Illegal fishing: an existential threat for sharks and the oceans
Jul 13, 2020

Illegal fishing: an existential threat for sharks and the oceans

By EJF Staff

Sharks are a vital and ancient part of the marine ecosystem. They have been around longer than the dinosaurs and play a vital role in keeping their environments healthy, but illegal fishing is a threat to their survival. Hear more about our work defending these amazing creatures here.

For over 400 million years, sharks have played an important role in the health of marine ecosystems across the globe. They maintain balance in fish populations, removing sicker, weaker individuals and preventing any single species from becoming dominant.

Illegal fishing vessels often specifically target sharks. Fewer sharks on reefs means more mid-sized carnivores, which feed on herbivorous fish. As the populations of these smaller fish collapse, algae blooms and out-competes the corals for space, sunlight and nutrients.

This can cause the corals - already threatened by climate change and pollution - to degrade and die.

Similarly, without sharks, seagrass ecosystems can be over-grazed by herbivores like manatees. Sharks keep manatees on the move, meaning that no one area is stripped bare. This keeps these essential ecosystems thriving and provides a nursery for the young of many fish species.

Without sharks, ecosystems which are essential to wildlife and to humans would be changed beyond recognition and could disappear.

Finning, fishing and extinction

Sharks are being targeted by vessels fishing illegally, which is having devastating impacts on ecosystems and threatening many species with extinction. According to the International Union for Conservation of Nature, a quarter of sharks, and their close relatives rays, are threatened with extinction.

Much of the population decline can be attributed to human activity, with 90% of the world’s largest marine fish (including sharks) having been lost since industrial fishing began in the 1950s. Sharks are particularly vulnerable to overfishing due to their slow maturation and low rates of reproduction.

One of the most disturbing fishing practices is shark-finning, an appalling practice in which sharks are caught and have their fins removed (for delicacies such as shark-fin soup) before being tossed back into the ocean.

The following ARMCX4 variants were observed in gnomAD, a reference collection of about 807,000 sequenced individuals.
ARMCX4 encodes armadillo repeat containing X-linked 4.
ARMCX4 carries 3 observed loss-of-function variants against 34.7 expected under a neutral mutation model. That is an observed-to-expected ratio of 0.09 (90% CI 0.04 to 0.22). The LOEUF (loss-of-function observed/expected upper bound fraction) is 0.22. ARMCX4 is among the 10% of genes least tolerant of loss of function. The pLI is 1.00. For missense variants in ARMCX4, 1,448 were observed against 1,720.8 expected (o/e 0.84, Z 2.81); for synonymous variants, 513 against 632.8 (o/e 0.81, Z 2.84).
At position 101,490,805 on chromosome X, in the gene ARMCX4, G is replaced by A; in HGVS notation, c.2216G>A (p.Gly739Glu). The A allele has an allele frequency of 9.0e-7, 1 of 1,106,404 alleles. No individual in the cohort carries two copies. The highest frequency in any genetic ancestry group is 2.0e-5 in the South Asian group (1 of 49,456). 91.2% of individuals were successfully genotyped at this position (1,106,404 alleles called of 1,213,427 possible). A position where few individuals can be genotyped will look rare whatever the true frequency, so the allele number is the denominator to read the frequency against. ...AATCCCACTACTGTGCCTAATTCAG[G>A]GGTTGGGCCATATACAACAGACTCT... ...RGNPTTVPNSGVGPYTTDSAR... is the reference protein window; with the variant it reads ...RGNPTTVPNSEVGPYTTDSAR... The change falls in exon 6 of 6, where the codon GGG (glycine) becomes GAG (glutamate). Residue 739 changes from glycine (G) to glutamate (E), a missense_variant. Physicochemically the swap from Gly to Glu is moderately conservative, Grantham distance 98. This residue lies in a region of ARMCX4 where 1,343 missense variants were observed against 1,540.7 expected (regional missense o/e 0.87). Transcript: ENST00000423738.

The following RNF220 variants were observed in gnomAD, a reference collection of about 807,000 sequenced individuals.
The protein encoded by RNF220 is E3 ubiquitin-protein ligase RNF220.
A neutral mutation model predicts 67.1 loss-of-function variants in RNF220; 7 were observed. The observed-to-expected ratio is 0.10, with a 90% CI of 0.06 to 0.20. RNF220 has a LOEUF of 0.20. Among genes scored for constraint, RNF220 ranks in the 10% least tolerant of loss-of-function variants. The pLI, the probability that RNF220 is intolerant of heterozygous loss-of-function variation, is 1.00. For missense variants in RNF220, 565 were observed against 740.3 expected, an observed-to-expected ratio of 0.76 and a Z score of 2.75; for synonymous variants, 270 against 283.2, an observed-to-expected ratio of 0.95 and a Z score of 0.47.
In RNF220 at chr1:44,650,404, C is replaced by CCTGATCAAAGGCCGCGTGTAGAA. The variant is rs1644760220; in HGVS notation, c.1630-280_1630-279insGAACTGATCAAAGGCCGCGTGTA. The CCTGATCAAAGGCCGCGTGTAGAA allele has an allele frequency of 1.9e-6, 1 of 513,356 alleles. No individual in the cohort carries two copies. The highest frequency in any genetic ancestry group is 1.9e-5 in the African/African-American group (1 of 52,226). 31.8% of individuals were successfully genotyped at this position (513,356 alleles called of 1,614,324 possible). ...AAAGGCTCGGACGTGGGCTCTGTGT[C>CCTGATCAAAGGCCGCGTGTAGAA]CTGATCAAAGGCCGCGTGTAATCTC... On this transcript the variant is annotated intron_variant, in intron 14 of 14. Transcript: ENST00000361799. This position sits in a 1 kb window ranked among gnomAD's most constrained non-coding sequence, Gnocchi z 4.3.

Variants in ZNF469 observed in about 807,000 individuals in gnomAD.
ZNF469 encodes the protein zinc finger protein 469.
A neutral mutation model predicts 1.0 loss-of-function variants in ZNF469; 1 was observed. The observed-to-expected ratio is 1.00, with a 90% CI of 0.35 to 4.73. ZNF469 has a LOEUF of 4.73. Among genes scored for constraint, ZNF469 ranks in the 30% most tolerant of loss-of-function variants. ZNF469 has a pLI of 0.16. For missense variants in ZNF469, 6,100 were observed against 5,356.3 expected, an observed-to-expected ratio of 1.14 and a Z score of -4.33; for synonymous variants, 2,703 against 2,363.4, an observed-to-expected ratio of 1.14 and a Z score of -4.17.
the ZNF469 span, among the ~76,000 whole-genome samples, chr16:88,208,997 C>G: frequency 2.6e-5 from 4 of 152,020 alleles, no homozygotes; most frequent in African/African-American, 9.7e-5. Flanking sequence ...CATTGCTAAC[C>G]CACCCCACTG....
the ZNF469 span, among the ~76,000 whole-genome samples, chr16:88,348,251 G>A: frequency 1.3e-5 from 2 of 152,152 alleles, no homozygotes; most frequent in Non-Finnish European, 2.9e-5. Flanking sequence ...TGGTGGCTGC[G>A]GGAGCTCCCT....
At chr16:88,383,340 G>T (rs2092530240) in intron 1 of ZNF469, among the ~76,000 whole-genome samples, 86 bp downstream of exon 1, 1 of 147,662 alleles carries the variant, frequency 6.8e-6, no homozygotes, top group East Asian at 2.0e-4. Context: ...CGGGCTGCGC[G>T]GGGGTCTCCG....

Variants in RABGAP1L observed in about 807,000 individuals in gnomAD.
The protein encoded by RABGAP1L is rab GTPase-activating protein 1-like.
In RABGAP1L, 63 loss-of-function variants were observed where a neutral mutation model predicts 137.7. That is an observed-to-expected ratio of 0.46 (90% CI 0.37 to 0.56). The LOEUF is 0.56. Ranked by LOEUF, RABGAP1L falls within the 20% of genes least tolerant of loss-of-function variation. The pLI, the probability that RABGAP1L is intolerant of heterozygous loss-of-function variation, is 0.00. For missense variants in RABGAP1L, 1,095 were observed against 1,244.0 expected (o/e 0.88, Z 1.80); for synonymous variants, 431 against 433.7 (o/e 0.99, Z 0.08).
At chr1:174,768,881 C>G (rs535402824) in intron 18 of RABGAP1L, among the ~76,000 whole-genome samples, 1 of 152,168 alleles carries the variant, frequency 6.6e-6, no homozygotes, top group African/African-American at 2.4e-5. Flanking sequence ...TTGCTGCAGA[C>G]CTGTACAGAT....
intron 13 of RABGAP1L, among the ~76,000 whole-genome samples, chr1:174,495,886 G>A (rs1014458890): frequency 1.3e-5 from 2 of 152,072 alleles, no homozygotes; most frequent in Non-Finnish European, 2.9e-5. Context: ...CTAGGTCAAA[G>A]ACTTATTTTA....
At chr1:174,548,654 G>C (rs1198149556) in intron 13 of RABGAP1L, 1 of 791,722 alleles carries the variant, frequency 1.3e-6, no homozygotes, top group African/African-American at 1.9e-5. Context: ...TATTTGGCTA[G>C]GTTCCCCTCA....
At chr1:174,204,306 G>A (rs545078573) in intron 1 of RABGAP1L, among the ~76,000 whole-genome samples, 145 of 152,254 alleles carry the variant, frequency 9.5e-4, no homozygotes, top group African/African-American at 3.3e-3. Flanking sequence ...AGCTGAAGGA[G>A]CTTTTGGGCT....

There, they sink to the bottom and, unable to swim, slowly suffocate. It produces shocking amounts of needless waste, coupled with carnage and cruelty on an untold scale; all for such a tiny piece of the shark.

EJF has revealed that shark finning is conducted routinely on an industrial scale. The crew from Taiwanese ships EJF investigated caught and finned tens of thousands of sharks, killing dolphins for bait in the process.

Although the practice is illegal under Taiwanese law, these rogue vessels were able to easily evade port inspections. The crew were able to offload the fins for onward sale, including those from vulnerable species such as the smooth hammerhead.

There has been some hopeful progress with news of the Taiwanese government committing to action on illegal fishing, but there is still much to be done worldwide. Sharks continue to face worryingly rapid population declines, unjust persecution and calculated targeting.

How to fix it

The recent landing of an elusive Megamouth in Liberia, only recorded for 103rd time ever, reminds us how poorly understood and potentially vulnerable some shark species are.

This knowledge gap is being addressed as part of Liberia’s National Plan of Action to protect sharks and rays, developed after consultation with EJF. Careful monitoring of sharks is a first step. In Liberia, data is currently very sparse, but threatened shark species are known to be present.

Building a better understanding of their populations will help protect these vulnerable animals. This safeguards not just sharks but the marine ecosystems which depend on them.

On a global scale, EJF is calling for all countries to adopt and enforce protections for sharks. The first vital step is creating transparency in fisheries, to bring the illegal fishers catching sharks out of the shadows and enforce laws against these crimes.

We are also calling for a high seas treaty to protect 30% of the ocean by 2030. Scientists have warned that we only have around 10 years left to reduce our impacts on the oceans or we risk catastrophic mass extinctions. To avoid disaster, we need to act now.

Illegal fishing remains rife in much of the world. If overfishing of top predators like sharks is allowed to go on undeterred, entire ecosystems and the millions of people that depend on them will suffer immensely.

Cover image courtesy of NOAA's National Ocean Service, reproduced here under a Creative Commons License.